Krannon was one of the leading cities of ancient Thessaly, belonging to the tetrad of Pelasgiotis. It is located southeast of Pelasgiotis’ capital, on the main road connecting Larissa with Pharsalos. Archaeological finds confirm that the area of Krannon was continuously inhabited from the Neolithic up to the Roman period. The city has been identified by ancient authors as Homeric Ephyra (Il. 13.301), while her later name, «Κραννών», possibly derives from the Aeolic word «κράννα», which means «fountain» and may be associated with a nearby hot spring.
Τhe city reached its pinnacle of prosperity during the 6th and 5th century BC, when it was led by the aristocratic house of the Skopads, one of the three most powerful families of Thessaly during that period. The Skopads shared the cultural values of the southern regions of Greece, favouring artistic competition, and their court attracted notable poets, such as Pindar, Bacchylides, and Simonides.
Since no systematic excavation had previously been conducted at the city, the considerable wealth of Krannon is attested to mostly by the rich findings from its cemeteries and the fact that it minted silver coins immediately after the Persian Wars.
Record of Previous Archaeological Research
The lack of a systematic archaeological excavation in the area resulted in a very limited knowledge regarding the public buildings, the urban structure and the cults of the city. The first excavations were conducted during the early 20th century by A. Arvanitopoulos on the so-called acropolis, where temple ruins were reported.
In 1960, when illicit excavations were rampant, the Ephorate of Antiquities of Larissa opted to actively begin excavating the tumuli to the south of the acropolis. Unfortunately, the tumuli were already looted and only meagre finds were unearthed. Regardless of that fact, the monumentality of their architectural form was impressive. Two pyramidal tombs (A and B) are dated to c.500 BC and the first half of the 4th century BC respectively, while a tholos tomb is dated to the 5th century. The type and quality of construction of the tombs imply a considerable expenditure, showcasing the wealth of the city’s elites during that period. Rescue excavations were also undertaken at separate cemeteries of the city, in 1969, 1981-1984 and, finally, 1989. The most impressive finds came from two Archaic tumuli which contained secondary cremations, approximately 4-5 km away from modern Krannon, near the village of Hagios Georgios. The sumptuous grave offerings, dated c.650 – 550 BC, included, among others, an unprecedented amount, truly extraordinary for Thessalian standards, of weapons and metal objects, suggesting that the dead were either warriors or indulged in displaying themselves as individuals of high status and prestige. Overall, the findings from the tombs in the immediate vicinity of Krannon cover an extensive chronological span, from the Early Iron Age to the Late Hellenistic period. More rescue excavations between 1991-1996 brought to light a Hellenistic villa to the southeast of the acropolis, as well as two ceramic kilns.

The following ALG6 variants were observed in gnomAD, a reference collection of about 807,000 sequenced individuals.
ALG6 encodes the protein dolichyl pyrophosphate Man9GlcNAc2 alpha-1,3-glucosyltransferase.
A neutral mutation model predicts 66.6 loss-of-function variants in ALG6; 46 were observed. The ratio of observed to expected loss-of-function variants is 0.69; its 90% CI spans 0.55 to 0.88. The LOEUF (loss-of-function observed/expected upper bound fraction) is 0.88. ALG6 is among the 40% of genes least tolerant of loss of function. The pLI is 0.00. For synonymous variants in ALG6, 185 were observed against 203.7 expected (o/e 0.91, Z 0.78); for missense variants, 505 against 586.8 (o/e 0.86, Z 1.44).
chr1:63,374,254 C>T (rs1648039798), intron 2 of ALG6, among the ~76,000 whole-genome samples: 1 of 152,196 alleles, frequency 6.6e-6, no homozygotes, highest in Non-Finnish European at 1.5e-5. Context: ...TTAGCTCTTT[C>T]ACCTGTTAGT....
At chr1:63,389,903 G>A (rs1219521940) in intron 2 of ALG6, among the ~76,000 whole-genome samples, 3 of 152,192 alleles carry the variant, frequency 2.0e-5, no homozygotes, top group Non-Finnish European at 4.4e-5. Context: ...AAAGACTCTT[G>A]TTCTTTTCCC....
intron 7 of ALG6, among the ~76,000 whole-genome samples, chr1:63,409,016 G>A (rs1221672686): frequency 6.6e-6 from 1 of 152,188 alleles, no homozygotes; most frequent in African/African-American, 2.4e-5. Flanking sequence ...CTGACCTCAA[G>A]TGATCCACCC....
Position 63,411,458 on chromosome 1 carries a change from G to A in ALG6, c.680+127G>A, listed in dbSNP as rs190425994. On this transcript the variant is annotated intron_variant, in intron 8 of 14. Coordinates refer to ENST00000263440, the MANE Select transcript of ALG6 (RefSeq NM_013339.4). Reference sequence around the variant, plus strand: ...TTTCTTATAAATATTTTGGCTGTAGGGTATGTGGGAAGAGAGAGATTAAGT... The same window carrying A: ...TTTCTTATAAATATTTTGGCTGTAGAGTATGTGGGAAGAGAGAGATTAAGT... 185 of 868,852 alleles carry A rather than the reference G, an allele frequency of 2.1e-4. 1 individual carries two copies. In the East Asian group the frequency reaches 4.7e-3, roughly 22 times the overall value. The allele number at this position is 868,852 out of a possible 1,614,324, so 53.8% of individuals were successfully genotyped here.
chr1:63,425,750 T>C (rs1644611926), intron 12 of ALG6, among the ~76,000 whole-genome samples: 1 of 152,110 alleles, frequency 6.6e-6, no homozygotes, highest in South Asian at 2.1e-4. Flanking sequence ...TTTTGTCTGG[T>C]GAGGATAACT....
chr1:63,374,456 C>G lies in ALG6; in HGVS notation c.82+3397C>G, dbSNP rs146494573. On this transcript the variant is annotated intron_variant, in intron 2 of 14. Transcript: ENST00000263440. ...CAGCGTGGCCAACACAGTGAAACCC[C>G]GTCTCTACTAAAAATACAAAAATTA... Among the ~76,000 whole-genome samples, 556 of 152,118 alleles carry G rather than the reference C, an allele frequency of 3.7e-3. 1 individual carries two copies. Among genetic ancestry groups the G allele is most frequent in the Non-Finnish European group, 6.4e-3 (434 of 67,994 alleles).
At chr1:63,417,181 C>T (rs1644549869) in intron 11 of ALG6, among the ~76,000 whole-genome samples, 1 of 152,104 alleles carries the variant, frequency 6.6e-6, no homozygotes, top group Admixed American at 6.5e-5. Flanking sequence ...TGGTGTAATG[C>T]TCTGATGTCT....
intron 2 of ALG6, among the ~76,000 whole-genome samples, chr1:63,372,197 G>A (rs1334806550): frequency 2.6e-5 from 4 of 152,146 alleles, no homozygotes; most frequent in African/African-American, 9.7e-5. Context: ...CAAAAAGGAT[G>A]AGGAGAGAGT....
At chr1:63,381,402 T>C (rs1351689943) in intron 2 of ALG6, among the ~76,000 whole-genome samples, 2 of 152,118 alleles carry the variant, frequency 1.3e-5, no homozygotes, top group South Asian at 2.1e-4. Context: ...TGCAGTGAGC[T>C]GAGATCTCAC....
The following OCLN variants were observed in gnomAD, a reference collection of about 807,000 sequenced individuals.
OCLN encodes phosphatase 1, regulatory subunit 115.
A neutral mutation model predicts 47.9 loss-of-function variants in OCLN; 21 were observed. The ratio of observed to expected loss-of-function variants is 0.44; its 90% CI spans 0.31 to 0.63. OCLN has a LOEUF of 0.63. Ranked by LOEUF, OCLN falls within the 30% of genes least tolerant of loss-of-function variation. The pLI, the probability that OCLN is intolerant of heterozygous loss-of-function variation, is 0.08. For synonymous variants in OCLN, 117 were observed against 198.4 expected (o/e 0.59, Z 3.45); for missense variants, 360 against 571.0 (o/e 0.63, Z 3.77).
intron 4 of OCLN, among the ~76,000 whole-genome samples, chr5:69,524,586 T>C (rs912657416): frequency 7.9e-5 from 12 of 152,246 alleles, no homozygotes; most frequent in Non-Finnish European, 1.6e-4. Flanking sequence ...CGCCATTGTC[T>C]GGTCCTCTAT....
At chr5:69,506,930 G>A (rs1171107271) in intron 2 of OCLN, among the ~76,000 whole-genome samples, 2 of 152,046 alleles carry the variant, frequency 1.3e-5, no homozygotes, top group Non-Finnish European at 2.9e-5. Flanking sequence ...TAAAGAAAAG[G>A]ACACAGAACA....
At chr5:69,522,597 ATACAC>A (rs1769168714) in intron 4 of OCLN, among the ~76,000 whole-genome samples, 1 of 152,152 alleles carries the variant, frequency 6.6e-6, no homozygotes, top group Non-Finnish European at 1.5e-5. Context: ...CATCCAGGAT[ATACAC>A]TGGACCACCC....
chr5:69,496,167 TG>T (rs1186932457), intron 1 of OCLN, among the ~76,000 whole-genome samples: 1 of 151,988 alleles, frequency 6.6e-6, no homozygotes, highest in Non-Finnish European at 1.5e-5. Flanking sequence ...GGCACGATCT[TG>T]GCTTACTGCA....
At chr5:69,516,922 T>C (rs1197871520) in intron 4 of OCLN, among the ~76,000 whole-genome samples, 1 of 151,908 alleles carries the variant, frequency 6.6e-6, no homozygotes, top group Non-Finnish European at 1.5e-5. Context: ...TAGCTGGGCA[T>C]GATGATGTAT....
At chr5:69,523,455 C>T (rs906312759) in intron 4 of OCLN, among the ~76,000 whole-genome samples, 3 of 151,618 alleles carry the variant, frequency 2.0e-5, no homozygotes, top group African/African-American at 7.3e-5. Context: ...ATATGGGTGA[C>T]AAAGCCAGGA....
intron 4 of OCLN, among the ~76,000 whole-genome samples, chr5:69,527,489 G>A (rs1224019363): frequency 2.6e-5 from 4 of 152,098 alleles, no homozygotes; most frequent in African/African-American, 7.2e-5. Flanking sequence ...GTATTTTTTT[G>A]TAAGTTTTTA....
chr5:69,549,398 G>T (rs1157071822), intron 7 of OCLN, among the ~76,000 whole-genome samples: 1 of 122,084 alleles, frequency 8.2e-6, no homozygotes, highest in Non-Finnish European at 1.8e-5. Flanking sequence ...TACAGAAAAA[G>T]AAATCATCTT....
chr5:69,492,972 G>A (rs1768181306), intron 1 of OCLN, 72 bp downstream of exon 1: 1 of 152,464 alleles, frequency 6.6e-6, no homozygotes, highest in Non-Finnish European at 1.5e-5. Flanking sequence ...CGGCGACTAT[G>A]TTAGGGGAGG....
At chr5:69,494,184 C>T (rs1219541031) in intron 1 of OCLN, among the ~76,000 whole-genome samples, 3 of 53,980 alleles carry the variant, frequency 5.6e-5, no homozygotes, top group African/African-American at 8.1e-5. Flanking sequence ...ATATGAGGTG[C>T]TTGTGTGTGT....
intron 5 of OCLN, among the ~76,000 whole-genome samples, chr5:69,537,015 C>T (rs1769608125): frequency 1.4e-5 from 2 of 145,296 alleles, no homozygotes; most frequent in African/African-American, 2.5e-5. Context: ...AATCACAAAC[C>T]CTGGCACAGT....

Also notable is the archaeological material which was retrieved dispersed in the vicinity of the polis. Funerary and votive stelae / altars, as well as fragments of reliefs and free-standing sculpture, shed light both to the artistic values and the religious beliefs of the Krannonians.
It should be noted that the three monumental tombs, as well as the Hellenistic villa mentioned above, were recently restored and are now open to the public.
The University of Crete Excavation
In June, 2018, the University of Crete, in collaboration with the Ephorate of Antiquities of Larissa, under the direction of Dimitrios Bosnakis, Associate Professor in Classical Archaeology, and Styliani Katakouta, archaeologist of the Ephorate of Antiquities of Larissa, launched a new archaeological expedition in the area. This endeavour was greatly facilitated thanks to the constant, valuable support of the local municipality of Kileler.
The main goal of the project is to understand the polis’ urban plan within the context of the general model of urban development in Thessaly from the Early Iron Age to the Late Hellenistic period. Initially, the excavation focused on the aforementioned tumuli, as well as the rich Archaic cemetery of the Nanoulis plot, and later predominantly on the acropolis. These two campaigns led to positive results, since new cremations and, also, some important remains in the residential area on the acropolis were uncovered. Apart from the excavation, a preliminary field survey took place, during which abundant pottery sherds from the Bronze Age till the Late Hellenistic Period, as well as a plethora of dispersed architectural members (e.g. an Archaic capital of the Doric order) were collected. Furthermore, geophysical exploration, in conjunction with images from Google Earth and data from the Hellenic Cadastre, has already provided important evidence concerning the fortification and the possibly Hippodamian plan of the city.
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